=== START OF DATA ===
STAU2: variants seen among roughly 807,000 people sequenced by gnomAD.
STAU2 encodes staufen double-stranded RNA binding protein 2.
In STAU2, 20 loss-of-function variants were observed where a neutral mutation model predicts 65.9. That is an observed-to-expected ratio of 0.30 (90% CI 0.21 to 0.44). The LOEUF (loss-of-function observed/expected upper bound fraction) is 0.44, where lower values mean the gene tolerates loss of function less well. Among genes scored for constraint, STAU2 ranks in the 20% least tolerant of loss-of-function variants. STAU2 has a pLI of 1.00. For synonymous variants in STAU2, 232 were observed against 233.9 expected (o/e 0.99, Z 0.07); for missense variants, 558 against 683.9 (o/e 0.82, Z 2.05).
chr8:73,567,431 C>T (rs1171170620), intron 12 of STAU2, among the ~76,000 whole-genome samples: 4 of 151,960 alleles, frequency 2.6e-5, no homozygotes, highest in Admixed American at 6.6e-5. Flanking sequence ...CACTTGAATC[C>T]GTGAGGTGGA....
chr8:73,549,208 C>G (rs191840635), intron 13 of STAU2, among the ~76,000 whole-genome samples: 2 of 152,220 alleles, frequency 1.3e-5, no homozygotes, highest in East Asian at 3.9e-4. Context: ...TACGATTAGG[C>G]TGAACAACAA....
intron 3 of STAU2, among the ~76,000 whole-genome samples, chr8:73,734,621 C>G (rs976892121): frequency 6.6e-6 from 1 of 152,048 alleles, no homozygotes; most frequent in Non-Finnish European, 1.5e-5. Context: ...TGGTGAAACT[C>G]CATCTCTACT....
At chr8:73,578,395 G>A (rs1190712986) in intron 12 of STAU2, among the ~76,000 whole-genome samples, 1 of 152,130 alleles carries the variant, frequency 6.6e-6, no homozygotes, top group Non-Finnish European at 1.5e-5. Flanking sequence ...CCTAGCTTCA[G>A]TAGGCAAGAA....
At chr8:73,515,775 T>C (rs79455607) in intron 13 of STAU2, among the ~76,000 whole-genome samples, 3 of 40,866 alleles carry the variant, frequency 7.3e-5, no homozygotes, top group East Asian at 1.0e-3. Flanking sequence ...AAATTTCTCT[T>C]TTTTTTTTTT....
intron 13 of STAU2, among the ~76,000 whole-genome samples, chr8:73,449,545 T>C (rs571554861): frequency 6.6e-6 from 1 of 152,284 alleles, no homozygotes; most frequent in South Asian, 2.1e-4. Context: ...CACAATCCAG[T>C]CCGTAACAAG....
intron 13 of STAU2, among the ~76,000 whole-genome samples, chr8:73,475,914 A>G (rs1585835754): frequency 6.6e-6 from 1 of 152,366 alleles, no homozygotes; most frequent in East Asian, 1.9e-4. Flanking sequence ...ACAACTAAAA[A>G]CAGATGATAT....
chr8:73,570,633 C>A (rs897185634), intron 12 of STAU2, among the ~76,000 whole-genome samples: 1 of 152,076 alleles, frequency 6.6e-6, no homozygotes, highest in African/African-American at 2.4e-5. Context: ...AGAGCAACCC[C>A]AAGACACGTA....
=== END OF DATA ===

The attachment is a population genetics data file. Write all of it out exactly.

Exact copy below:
STAU2: variants seen among roughly 807,000 people sequenced by gnomAD.
STAU2 encodes staufen double-stranded RNA binding protein 2.
In STAU2, 20 loss-of-function variants were observed where a neutral mutation model predicts 65.9. That is an observed-to-expected ratio of 0.30 (90% CI 0.21 to 0.44). The LOEUF (loss-of-function observed/expected upper bound fraction) is 0.44, where lower values mean the gene tolerates loss of function less well. Among genes scored for constraint, STAU2 ranks in the 20% least tolerant of loss-of-function variants. STAU2 has a pLI of 1.00. For synonymous variants in STAU2, 232 were observed against 233.9 expected (o/e 0.99, Z 0.07); for missense variants, 558 against 683.9 (o/e 0.82, Z 2.05).
chr8:73,567,431 C>T (rs1171170620), intron 12 of STAU2, among the ~76,000 whole-genome samples: 4 of 151,960 alleles, frequency 2.6e-5, no homozygotes, highest in Admixed American at 6.6e-5. Flanking sequence ...CACTTGAATC[C>T]GTGAGGTGGA....
chr8:73,549,208 C>G (rs191840635), intron 13 of STAU2, among the ~76,000 whole-genome samples: 2 of 152,220 alleles, frequency 1.3e-5, no homozygotes, highest in East Asian at 3.9e-4. Context: ...TACGATTAGG[C>G]TGAACAACAA....
intron 3 of STAU2, among the ~76,000 whole-genome samples, chr8:73,734,621 C>G (rs976892121): frequency 6.6e-6 from 1 of 152,048 alleles, no homozygotes; most frequent in Non-Finnish European, 1.5e-5. Context: ...TGGTGAAACT[C>G]CATCTCTACT....
At chr8:73,578,395 G>A (rs1190712986) in intron 12 of STAU2, among the ~76,000 whole-genome samples, 1 of 152,130 alleles carries the variant, frequency 6.6e-6, no homozygotes, top group Non-Finnish European at 1.5e-5. Flanking sequence ...CCTAGCTTCA[G>A]TAGGCAAGAA....
At chr8:73,515,775 T>C (rs79455607) in intron 13 of STAU2, among the ~76,000 whole-genome samples, 3 of 40,866 alleles carry the variant, frequency 7.3e-5, no homozygotes, top group East Asian at 1.0e-3. Flanking sequence ...AAATTTCTCT[T>C]TTTTTTTTTT....
intron 13 of STAU2, among the ~76,000 whole-genome samples, chr8:73,449,545 T>C (rs571554861): frequency 6.6e-6 from 1 of 152,284 alleles, no homozygotes; most frequent in South Asian, 2.1e-4. Context: ...CACAATCCAG[T>C]CCGTAACAAG....
intron 13 of STAU2, among the ~76,000 whole-genome samples, chr8:73,475,914 A>G (rs1585835754): frequency 6.6e-6 from 1 of 152,366 alleles, no homozygotes; most frequent in East Asian, 1.9e-4. Flanking sequence ...ACAACTAAAA[A>G]CAGATGATAT....
chr8:73,570,633 C>A (rs897185634), intron 12 of STAU2, among the ~76,000 whole-genome samples: 1 of 152,076 alleles, frequency 6.6e-6, no homozygotes, highest in African/African-American at 2.4e-5. Context: ...AGAGCAACCC[C>A]AAGACACGTA....